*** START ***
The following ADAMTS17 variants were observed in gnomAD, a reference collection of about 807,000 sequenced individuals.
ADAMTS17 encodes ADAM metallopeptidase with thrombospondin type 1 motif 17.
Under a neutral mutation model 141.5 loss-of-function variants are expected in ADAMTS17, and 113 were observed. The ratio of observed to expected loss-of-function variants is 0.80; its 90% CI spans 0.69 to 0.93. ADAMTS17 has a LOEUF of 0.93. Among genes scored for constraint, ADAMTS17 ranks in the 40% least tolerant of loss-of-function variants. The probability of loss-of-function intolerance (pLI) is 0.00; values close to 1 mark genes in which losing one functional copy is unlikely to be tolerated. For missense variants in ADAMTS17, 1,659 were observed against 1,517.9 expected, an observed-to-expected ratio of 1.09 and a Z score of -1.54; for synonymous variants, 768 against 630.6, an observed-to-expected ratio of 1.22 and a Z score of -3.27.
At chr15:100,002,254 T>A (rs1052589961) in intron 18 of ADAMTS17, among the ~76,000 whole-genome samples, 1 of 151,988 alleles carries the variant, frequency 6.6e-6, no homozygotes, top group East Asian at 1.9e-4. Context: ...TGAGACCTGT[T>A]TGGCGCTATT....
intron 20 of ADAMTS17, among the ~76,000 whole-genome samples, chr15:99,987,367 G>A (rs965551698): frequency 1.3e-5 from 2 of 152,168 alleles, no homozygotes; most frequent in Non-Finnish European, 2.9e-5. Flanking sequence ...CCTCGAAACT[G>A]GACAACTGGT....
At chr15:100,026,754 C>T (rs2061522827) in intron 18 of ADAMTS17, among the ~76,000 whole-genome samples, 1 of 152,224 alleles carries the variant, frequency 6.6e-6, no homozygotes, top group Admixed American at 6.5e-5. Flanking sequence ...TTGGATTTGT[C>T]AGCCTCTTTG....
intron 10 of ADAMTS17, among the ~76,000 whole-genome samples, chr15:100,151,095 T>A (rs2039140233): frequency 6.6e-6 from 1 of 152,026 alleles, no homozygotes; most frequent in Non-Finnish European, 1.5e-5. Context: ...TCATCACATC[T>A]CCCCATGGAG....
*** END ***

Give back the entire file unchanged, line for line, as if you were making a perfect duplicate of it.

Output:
The following ADAMTS17 variants were observed in gnomAD, a reference collection of about 807,000 sequenced individuals.
ADAMTS17 encodes ADAM metallopeptidase with thrombospondin type 1 motif 17.
Under a neutral mutation model 141.5 loss-of-function variants are expected in ADAMTS17, and 113 were observed. The ratio of observed to expected loss-of-function variants is 0.80; its 90% CI spans 0.69 to 0.93. ADAMTS17 has a LOEUF of 0.93. Among genes scored for constraint, ADAMTS17 ranks in the 40% least tolerant of loss-of-function variants. The probability of loss-of-function intolerance (pLI) is 0.00; values close to 1 mark genes in which losing one functional copy is unlikely to be tolerated. For missense variants in ADAMTS17, 1,659 were observed against 1,517.9 expected, an observed-to-expected ratio of 1.09 and a Z score of -1.54; for synonymous variants, 768 against 630.6, an observed-to-expected ratio of 1.22 and a Z score of -3.27.
At chr15:100,002,254 T>A (rs1052589961) in intron 18 of ADAMTS17, among the ~76,000 whole-genome samples, 1 of 151,988 alleles carries the variant, frequency 6.6e-6, no homozygotes, top group East Asian at 1.9e-4. Context: ...TGAGACCTGT[T>A]TGGCGCTATT....
intron 20 of ADAMTS17, among the ~76,000 whole-genome samples, chr15:99,987,367 G>A (rs965551698): frequency 1.3e-5 from 2 of 152,168 alleles, no homozygotes; most frequent in Non-Finnish European, 2.9e-5. Flanking sequence ...CCTCGAAACT[G>A]GACAACTGGT....
At chr15:100,026,754 C>T (rs2061522827) in intron 18 of ADAMTS17, among the ~76,000 whole-genome samples, 1 of 152,224 alleles carries the variant, frequency 6.6e-6, no homozygotes, top group Admixed American at 6.5e-5. Flanking sequence ...TTGGATTTGT[C>T]AGCCTCTTTG....
intron 10 of ADAMTS17, among the ~76,000 whole-genome samples, chr15:100,151,095 T>A (rs2039140233): frequency 6.6e-6 from 1 of 152,026 alleles, no homozygotes; most frequent in Non-Finnish European, 1.5e-5. Context: ...TCATCACATC[T>A]CCCCATGGAG....